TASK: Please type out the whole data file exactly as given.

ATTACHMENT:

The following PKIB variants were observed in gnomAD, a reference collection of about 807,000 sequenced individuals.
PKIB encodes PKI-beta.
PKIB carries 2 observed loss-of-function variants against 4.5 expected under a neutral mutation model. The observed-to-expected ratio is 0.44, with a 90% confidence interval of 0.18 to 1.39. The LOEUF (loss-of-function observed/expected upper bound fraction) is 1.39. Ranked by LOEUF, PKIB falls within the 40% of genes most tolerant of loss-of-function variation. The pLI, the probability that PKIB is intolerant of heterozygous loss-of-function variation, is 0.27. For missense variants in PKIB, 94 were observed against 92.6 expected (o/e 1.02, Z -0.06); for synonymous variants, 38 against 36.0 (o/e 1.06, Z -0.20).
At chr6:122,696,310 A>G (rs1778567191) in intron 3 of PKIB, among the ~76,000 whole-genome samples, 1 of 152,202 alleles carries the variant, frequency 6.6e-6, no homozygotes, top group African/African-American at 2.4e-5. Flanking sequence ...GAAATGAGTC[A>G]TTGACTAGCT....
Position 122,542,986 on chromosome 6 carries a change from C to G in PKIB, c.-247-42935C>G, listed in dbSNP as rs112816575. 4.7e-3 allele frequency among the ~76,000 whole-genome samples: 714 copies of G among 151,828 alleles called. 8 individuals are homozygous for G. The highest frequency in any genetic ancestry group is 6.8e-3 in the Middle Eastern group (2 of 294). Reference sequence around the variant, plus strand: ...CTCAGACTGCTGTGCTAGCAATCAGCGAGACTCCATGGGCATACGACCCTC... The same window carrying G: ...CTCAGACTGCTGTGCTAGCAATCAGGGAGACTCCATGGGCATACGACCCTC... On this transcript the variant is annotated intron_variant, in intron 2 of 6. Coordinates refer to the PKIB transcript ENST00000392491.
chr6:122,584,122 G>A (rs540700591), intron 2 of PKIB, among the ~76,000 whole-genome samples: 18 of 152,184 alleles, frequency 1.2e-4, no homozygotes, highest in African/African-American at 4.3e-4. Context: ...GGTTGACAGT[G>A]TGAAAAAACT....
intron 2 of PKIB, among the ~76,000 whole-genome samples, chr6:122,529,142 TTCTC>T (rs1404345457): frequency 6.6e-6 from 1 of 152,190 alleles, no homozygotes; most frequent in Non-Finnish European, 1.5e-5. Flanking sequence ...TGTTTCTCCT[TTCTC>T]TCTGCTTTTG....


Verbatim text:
The following PKIB variants were observed in gnomAD, a reference collection of about 807,000 sequenced individuals.
PKIB encodes PKI-beta.
PKIB carries 2 observed loss-of-function variants against 4.5 expected under a neutral mutation model. The observed-to-expected ratio is 0.44, with a 90% confidence interval of 0.18 to 1.39. The LOEUF (loss-of-function observed/expected upper bound fraction) is 1.39. Ranked by LOEUF, PKIB falls within the 40% of genes most tolerant of loss-of-function variation. The pLI, the probability that PKIB is intolerant of heterozygous loss-of-function variation, is 0.27. For missense variants in PKIB, 94 were observed against 92.6 expected (o/e 1.02, Z -0.06); for synonymous variants, 38 against 36.0 (o/e 1.06, Z -0.20).
At chr6:122,696,310 A>G (rs1778567191) in intron 3 of PKIB, among the ~76,000 whole-genome samples, 1 of 152,202 alleles carries the variant, frequency 6.6e-6, no homozygotes, top group African/African-American at 2.4e-5. Flanking sequence ...GAAATGAGTC[A>G]TTGACTAGCT....
Position 122,542,986 on chromosome 6 carries a change from C to G in PKIB, c.-247-42935C>G, listed in dbSNP as rs112816575. 4.7e-3 allele frequency among the ~76,000 whole-genome samples: 714 copies of G among 151,828 alleles called. 8 individuals are homozygous for G. The highest frequency in any genetic ancestry group is 6.8e-3 in the Middle Eastern group (2 of 294). Reference sequence around the variant, plus strand: ...CTCAGACTGCTGTGCTAGCAATCAGCGAGACTCCATGGGCATACGACCCTC... The same window carrying G: ...CTCAGACTGCTGTGCTAGCAATCAGGGAGACTCCATGGGCATACGACCCTC... On this transcript the variant is annotated intron_variant, in intron 2 of 6. Coordinates refer to the PKIB transcript ENST00000392491.
chr6:122,584,122 G>A (rs540700591), intron 2 of PKIB, among the ~76,000 whole-genome samples: 18 of 152,184 alleles, frequency 1.2e-4, no homozygotes, highest in African/African-American at 4.3e-4. Context: ...GGTTGACAGT[G>A]TGAAAAAACT....
intron 2 of PKIB, among the ~76,000 whole-genome samples, chr6:122,529,142 TTCTC>T (rs1404345457): frequency 6.6e-6 from 1 of 152,190 alleles, no homozygotes; most frequent in Non-Finnish European, 1.5e-5. Flanking sequence ...TGTTTCTCCT[TTCTC>T]TCTGCTTTTG....